Five of the quorum of the Twelve were in this apostacy; and some in every organized quorum became disaffected. Wherever the spirit of speculation—a grasping for the things of the world—obtained, the light of the Spirit of God departed, and impenetrable darkness ensued. Some even became so blind as to seek to depose the Prophet of God. At length the hostility of the belligerent party assumed such threatening attitude that, late in the autumn of 1837, Joseph Smith and Sidney Rigdon had to flee for their lives; and at a moment's warning, started for Missouri. But their absence did not check the persecution waged by those apostate brethren—others became the targets of their malice. Through their influence, the aged Father Smith was served with a State's warrant, but fortunately for him he was placed in the custody of Luke Johnson, who, although one of the apostates, was averse to the bitter spirit of persecution which characterized others. Naturally of a jovial turn, he was more inclined to ridicule than hostility. Having been somewhat conversant with law usages, he volunteered his services as legal adviser for Father Smith, although his custodian. He privately told Father Smith's friends that the suit was instigated through malice—that he knew Father Smith was innocent, and he was determined to do all he could for him; and he was true to his word.

A room adjoining the one in which the court was in session, was lighted by one window. Before Father Smith was brought for trial, Mr. Johnson had examined the premises, and under the aforesaid window, on the outside, he had cautiously made preparation so that the old gentleman could reach the ground without injury. Before the court proceeded to business, Mr. Johnson said he would like a few minutes private conversation with his client. Permission was granted for him to take the prisoner into the room aforementioned. When in, he drew the nail which was the only fastening to the window—raised the window, and said to Father Smith, "Go right up to Esquire Snow's—he is a quiet man, and no one will think of going there for you." The old gentleman did his bidding, and came directly to our father's, who had purchased a home in Kirtland, and was living a mile and a quarter distant from the court scene; when he arrived, it was nearly midnight.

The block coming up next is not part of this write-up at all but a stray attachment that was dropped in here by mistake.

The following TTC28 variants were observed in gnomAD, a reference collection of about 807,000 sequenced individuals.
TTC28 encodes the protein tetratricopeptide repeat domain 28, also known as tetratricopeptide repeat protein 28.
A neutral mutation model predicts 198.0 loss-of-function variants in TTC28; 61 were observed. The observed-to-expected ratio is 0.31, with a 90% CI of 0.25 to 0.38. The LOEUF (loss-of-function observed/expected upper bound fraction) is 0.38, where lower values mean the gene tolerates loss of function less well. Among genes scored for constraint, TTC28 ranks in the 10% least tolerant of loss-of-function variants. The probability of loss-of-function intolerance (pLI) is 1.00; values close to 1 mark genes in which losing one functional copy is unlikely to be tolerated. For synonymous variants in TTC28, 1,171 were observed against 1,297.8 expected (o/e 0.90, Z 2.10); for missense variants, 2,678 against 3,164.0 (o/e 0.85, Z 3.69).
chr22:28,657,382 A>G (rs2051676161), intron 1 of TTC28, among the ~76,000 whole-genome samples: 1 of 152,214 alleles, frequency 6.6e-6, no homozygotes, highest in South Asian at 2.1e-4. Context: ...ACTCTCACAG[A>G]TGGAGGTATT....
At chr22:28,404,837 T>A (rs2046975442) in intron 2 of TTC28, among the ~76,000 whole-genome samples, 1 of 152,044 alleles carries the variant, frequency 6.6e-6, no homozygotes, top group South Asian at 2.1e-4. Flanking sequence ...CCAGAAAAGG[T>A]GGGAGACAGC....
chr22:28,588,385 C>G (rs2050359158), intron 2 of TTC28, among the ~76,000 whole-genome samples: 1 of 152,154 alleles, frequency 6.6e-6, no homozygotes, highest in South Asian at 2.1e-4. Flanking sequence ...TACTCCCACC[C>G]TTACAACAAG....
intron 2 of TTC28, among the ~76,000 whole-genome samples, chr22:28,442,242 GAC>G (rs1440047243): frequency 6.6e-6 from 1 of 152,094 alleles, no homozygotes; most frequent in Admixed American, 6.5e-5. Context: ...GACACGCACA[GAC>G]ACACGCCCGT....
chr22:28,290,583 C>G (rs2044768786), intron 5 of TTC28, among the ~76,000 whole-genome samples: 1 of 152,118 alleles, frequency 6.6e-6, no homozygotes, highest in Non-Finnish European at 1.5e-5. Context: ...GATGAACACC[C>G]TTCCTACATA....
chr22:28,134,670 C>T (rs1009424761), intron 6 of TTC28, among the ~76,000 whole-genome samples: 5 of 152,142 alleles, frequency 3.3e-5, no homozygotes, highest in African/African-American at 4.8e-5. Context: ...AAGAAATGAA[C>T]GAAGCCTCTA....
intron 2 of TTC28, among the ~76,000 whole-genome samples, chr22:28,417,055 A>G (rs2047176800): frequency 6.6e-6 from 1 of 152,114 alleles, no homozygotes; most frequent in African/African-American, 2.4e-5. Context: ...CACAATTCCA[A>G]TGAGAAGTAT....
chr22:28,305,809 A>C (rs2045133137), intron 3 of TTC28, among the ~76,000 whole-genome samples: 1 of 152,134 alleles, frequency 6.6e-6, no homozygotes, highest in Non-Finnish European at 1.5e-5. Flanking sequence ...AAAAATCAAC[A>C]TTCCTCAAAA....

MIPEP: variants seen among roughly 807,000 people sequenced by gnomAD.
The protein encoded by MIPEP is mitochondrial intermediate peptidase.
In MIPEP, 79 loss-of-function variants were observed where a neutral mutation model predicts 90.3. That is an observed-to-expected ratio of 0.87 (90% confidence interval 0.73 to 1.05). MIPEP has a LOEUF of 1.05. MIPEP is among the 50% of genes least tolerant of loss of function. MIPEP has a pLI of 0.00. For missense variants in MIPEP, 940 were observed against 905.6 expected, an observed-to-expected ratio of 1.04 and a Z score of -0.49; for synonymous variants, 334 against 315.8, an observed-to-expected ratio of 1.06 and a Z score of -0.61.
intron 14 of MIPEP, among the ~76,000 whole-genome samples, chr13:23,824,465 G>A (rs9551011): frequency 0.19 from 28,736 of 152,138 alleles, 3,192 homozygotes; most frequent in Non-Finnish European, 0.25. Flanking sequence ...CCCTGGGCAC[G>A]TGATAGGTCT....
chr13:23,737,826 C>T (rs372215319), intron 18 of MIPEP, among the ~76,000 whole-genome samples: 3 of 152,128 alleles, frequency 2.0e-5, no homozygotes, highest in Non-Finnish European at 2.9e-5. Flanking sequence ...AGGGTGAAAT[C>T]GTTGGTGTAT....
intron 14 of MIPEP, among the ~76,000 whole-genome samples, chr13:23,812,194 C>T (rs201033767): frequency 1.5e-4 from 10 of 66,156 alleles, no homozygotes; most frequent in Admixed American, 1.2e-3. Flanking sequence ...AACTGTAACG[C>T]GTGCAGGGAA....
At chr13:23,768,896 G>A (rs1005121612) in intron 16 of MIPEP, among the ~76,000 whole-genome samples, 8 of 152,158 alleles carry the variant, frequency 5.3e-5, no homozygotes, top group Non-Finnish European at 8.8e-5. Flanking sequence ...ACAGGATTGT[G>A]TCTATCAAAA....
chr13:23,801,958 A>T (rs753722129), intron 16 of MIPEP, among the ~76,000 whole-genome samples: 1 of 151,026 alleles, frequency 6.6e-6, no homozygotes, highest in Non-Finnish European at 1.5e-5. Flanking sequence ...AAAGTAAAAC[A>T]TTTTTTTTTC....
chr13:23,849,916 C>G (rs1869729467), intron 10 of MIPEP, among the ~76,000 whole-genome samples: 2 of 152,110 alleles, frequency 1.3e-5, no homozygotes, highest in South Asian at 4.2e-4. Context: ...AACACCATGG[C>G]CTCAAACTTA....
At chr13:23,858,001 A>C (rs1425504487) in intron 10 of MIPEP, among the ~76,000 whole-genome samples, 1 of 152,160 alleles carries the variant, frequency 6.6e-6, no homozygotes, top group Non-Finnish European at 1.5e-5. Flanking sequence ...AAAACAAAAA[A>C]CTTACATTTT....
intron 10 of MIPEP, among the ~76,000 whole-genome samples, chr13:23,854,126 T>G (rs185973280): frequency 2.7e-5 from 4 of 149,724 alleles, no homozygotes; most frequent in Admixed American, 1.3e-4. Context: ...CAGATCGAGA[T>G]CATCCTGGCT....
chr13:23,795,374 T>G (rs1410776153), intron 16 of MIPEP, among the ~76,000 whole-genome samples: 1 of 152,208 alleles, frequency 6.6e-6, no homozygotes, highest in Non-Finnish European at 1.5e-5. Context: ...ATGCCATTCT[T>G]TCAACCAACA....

Mr. Johnson replaced the nail in the window, and, after giving Father Smith time to clear the premises, proceeded to the court room, where he soon discovered that his client had not followed him; whereupon he hurried back to the room to see what was detaining him. After hunting about there a short time, he came back to the court room, apparently very much disconcerted, and reported the unaccountable fact that the prisoner was not to be found. After close search by those present, who found the nail fastening in the window all right, the question was, "How did he make his escape?" The constable, who manifested the greatest astonishment of all present, finally settled the question by saying, "It is another Mormon miracle."

Father Smith remained between two and three weeks at our father's house, "hid up" from his enemies; but during the time, with the legal assistance of the justice of the peace (an honorable Gentile), he arranged his business matters preparatory to leaving for the west. Before he left, he was joined by six others, whose lives were threatened by apostates.

Before closing this subject, I think a further notice is due the unantagonistic apostate, Luke Johnson. I happened to meet him the day after the scene in the court room—he enquired after his released prisoner, and after hearing that he reached his destination all right, he, in a jocose manner, related the foregoing circumstances, and closed with, "Father Smith will bless me for it, all the days of his life." To which, when I repeated it to Father Smith on my return home, he replied in the affirmative; and Luke Johnson is the only one of those five Apostles that returned to the Church. He was re-baptized, and lived a faithful member—was much respected, and died an honorable death in the midst of his friends, in Salt Lake City.



Leave Kirtland.—Grand Entertainment.—A noble Woman.—Lorenzo drives one Team.—He is very Sick.—Arrive in Far West, Missouri.—Elder Rigdon's Kindness.—Dr. Avord's Meanness.—His Nurse, Nightwatcher and Doctor.—An Incident.—Arrive in Adam-ondi-Ahman.—Lorenzo takes his Gun and goes out to Hunt.—A new Train of Reflections Hunting for Sport.—The old Settlers.—Their Antagonism.—Preparation for Defense.—False Alarm explained.

TOWARDS the last of April, 1838, our father left Kirtland with twenty-one souls in company, to wit: his own family, consisting of his wife, two daughters, three sons, and two grand-daughters, children of our eldest sister who was at this time a widow; Brother Huntington and